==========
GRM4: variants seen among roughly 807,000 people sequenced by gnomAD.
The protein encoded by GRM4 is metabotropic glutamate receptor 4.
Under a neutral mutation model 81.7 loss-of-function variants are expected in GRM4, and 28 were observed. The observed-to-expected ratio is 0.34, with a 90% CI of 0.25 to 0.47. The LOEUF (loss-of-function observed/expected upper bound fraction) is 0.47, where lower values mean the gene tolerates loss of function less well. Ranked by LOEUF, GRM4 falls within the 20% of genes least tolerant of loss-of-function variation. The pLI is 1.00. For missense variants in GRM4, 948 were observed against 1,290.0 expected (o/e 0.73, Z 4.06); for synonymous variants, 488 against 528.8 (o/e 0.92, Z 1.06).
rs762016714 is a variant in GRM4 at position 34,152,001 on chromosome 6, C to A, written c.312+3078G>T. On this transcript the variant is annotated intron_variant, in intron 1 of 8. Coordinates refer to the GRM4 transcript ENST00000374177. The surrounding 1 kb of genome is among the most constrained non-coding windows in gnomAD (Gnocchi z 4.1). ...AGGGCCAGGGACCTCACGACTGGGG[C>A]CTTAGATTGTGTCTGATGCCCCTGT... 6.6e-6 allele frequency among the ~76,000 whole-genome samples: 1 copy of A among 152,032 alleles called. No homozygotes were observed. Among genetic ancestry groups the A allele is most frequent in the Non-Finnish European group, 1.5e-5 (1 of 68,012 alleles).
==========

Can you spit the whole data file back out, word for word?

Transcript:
GRM4: variants seen among roughly 807,000 people sequenced by gnomAD.
The protein encoded by GRM4 is metabotropic glutamate receptor 4.
Under a neutral mutation model 81.7 loss-of-function variants are expected in GRM4, and 28 were observed. The observed-to-expected ratio is 0.34, with a 90% CI of 0.25 to 0.47. The LOEUF (loss-of-function observed/expected upper bound fraction) is 0.47, where lower values mean the gene tolerates loss of function less well. Ranked by LOEUF, GRM4 falls within the 20% of genes least tolerant of loss-of-function variation. The pLI is 1.00. For missense variants in GRM4, 948 were observed against 1,290.0 expected (o/e 0.73, Z 4.06); for synonymous variants, 488 against 528.8 (o/e 0.92, Z 1.06).
rs762016714 is a variant in GRM4 at position 34,152,001 on chromosome 6, C to A, written c.312+3078G>T. On this transcript the variant is annotated intron_variant, in intron 1 of 8. Coordinates refer to the GRM4 transcript ENST00000374177. The surrounding 1 kb of genome is among the most constrained non-coding windows in gnomAD (Gnocchi z 4.1). ...AGGGCCAGGGACCTCACGACTGGGG[C>A]CTTAGATTGTGTCTGATGCCCCTGT... 6.6e-6 allele frequency among the ~76,000 whole-genome samples: 1 copy of A among 152,032 alleles called. No homozygotes were observed. Among genetic ancestry groups the A allele is most frequent in the Non-Finnish European group, 1.5e-5 (1 of 68,012 alleles).